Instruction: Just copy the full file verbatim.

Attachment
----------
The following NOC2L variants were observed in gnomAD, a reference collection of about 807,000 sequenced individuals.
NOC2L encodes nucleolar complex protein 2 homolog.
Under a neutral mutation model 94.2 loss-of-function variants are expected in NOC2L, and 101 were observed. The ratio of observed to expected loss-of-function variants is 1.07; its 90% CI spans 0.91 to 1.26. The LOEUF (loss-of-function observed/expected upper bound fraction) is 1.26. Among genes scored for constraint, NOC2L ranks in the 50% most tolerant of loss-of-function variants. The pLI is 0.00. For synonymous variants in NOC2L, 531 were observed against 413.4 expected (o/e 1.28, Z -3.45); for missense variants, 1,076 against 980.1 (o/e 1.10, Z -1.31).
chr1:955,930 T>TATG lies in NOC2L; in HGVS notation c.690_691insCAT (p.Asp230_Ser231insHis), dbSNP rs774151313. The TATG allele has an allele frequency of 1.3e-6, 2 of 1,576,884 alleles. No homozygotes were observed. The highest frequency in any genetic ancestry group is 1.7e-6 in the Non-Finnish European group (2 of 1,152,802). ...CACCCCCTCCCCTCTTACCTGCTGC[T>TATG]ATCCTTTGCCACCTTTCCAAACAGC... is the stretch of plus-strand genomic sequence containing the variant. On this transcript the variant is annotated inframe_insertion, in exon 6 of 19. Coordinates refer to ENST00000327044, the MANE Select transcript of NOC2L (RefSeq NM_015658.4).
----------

The following NOC2L variants were observed in gnomAD, a reference collection of about 807,000 sequenced individuals.
NOC2L encodes nucleolar complex protein 2 homolog.
Under a neutral mutation model 94.2 loss-of-function variants are expected in NOC2L, and 101 were observed. The ratio of observed to expected loss-of-function variants is 1.07; its 90% CI spans 0.91 to 1.26. The LOEUF (loss-of-function observed/expected upper bound fraction) is 1.26. Among genes scored for constraint, NOC2L ranks in the 50% most tolerant of loss-of-function variants. The pLI is 0.00. For synonymous variants in NOC2L, 531 were observed against 413.4 expected (o/e 1.28, Z -3.45); for missense variants, 1,076 against 980.1 (o/e 1.10, Z -1.31).
chr1:955,930 T>TATG lies in NOC2L; in HGVS notation c.690_691insCAT (p.Asp230_Ser231insHis), dbSNP rs774151313. The TATG allele has an allele frequency of 1.3e-6, 2 of 1,576,884 alleles. No homozygotes were observed. The highest frequency in any genetic ancestry group is 1.7e-6 in the Non-Finnish European group (2 of 1,152,802). ...CACCCCCTCCCCTCTTACCTGCTGC[T>TATG]ATCCTTTGCCACCTTTCCAAACAGC... is the stretch of plus-strand genomic sequence containing the variant. On this transcript the variant is annotated inframe_insertion, in exon 6 of 19. Coordinates refer to ENST00000327044, the MANE Select transcript of NOC2L (RefSeq NM_015658.4).